The United Nations should walk the talk

Rwandans and friends of Rwanda, on Wednesday met at various venues, both in the country and around the world to commemorate for the 16th time the 1994 Genocide against the Tutsi. In his message, on the occasion, the UN Secretary General reiterated the need to dispense justice, mainly in the interest of the survivors. 

Rwandans and friends of Rwanda, on Wednesday met at various venues, both in the country and around the world to commemorate for the 16th time the 1994 Genocide against the Tutsi.

In his message, on the occasion, the UN Secretary General reiterated the need to dispense justice, mainly in the interest of the survivors.

This is a welcome gesture from the global top diplomat, given the fact that, the institution he heads failed the Rwandan people at their hour of need.

The way UN walked out on Rwandans at the time they needed it most is well documented. What the survivors need today, as part of the healing process, is justice.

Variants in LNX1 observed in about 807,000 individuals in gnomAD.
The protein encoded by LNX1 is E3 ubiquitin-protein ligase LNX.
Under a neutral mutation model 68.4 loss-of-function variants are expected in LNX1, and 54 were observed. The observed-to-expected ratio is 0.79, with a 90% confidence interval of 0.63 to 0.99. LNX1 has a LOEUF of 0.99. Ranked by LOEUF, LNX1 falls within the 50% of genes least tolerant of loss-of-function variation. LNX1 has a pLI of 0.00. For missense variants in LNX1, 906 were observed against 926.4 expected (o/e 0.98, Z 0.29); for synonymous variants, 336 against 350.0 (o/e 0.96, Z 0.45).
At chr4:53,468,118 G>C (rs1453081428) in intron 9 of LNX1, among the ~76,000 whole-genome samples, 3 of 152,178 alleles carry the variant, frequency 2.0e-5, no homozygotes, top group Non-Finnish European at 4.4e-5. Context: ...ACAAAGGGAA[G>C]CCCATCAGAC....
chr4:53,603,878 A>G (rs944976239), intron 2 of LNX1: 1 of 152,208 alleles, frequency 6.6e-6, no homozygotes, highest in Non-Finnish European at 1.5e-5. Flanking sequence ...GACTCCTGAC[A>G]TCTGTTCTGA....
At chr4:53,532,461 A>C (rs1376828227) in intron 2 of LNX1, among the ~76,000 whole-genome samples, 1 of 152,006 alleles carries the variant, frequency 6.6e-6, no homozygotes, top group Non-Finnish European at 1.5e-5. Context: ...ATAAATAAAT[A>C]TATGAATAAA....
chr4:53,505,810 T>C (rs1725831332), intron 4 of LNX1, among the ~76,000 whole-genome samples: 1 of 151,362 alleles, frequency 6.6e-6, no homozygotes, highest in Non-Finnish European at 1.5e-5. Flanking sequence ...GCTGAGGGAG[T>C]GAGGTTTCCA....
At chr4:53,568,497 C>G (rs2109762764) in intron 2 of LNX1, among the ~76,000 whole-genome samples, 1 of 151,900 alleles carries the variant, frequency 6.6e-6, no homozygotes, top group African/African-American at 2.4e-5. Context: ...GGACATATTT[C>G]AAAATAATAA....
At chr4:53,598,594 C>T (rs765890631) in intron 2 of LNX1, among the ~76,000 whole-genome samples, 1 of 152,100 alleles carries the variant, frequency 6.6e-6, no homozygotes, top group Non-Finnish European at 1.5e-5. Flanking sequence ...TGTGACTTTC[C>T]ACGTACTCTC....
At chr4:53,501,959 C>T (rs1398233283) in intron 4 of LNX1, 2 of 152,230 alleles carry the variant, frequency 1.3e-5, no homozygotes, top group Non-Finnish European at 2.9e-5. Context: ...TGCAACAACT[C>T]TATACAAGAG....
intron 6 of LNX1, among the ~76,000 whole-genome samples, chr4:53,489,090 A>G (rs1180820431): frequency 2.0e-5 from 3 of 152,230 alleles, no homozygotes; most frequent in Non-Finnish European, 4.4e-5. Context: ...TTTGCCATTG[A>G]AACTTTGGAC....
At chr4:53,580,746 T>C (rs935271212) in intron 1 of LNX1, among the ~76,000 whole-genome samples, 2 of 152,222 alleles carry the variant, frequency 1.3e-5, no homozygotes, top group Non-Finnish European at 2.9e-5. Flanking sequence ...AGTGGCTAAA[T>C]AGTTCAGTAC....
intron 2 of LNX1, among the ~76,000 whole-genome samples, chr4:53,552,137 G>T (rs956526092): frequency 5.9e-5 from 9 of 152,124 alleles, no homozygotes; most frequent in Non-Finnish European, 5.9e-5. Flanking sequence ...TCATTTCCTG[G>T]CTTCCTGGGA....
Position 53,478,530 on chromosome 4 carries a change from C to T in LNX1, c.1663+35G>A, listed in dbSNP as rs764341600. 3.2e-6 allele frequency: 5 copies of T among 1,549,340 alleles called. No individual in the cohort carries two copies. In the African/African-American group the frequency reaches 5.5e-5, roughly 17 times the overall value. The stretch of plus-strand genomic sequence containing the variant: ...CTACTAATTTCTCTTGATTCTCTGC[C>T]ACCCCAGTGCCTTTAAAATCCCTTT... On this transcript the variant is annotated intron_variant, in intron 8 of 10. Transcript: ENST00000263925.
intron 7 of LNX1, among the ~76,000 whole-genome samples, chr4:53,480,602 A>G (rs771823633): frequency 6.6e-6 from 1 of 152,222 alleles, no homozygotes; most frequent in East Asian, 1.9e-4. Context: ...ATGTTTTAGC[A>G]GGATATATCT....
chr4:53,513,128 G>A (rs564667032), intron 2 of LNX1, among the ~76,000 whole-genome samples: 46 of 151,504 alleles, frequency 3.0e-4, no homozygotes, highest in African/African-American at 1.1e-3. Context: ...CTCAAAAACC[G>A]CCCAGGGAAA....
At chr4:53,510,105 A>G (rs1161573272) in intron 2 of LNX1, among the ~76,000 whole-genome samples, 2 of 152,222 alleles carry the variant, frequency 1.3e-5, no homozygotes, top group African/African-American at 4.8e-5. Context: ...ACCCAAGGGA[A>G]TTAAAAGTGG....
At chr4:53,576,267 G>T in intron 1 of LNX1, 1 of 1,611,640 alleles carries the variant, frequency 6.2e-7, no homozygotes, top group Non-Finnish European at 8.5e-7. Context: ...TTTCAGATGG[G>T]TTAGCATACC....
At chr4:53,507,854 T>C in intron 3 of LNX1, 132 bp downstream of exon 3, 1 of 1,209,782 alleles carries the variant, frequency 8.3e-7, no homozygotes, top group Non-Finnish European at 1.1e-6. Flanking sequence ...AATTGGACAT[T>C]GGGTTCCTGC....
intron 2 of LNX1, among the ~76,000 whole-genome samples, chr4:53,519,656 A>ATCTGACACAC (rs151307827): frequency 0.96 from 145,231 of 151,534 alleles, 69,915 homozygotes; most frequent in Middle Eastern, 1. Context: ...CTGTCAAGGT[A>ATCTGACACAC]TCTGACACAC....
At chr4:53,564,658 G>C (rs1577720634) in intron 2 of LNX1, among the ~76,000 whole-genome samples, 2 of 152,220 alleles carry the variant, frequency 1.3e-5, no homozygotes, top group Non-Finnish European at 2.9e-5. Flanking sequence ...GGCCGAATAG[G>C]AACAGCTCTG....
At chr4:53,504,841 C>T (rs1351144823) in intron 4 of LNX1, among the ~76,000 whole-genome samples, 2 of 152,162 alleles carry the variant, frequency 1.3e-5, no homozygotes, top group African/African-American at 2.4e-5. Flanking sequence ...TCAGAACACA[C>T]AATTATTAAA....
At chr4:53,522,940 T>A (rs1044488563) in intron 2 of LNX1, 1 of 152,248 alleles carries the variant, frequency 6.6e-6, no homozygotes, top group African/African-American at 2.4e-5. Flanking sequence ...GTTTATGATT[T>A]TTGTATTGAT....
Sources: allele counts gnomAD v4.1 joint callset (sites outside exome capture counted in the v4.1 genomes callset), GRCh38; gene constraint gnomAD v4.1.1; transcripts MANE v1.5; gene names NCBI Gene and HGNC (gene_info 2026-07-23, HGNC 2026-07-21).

It’s true the United Nations instituted the International Criminal Tribunal for Rwanda (ICTR), which has seen some of the key perpetrators of the Genocide tried and sentenced, most notably the notorious Theoneste Bagosora and the former Prime Minister Jean Kambanda.

To Rwandans, however, the ICTR has not done enough, it has for example acquitted some of the people who, in broad day light, incited and supervised the killings. The list is too long.

Needless to say, is the fact that 16 years down the road, they have failed to apprehend the most notorious genocidaire, Felicien Kabuga.

As the tribunal winds up its activities, the UN should back Rwanda’s proposal to have the residual cases transferred to Rwanda and also have the remaining few convicts sent to do their time in Rwanda.

The UN should also ensure that the archives that the tribunal has accumulated over this whole period are brought to Rwanda.

This is where it all started, therefore, it only makes sense that all the records and references should be kept at the crime scene - in 1994, the whole country became a crime scene.

This would make it much easier for future generations of scholars and researchers to conduct their studies in the subject of Genocide.

Ends

 

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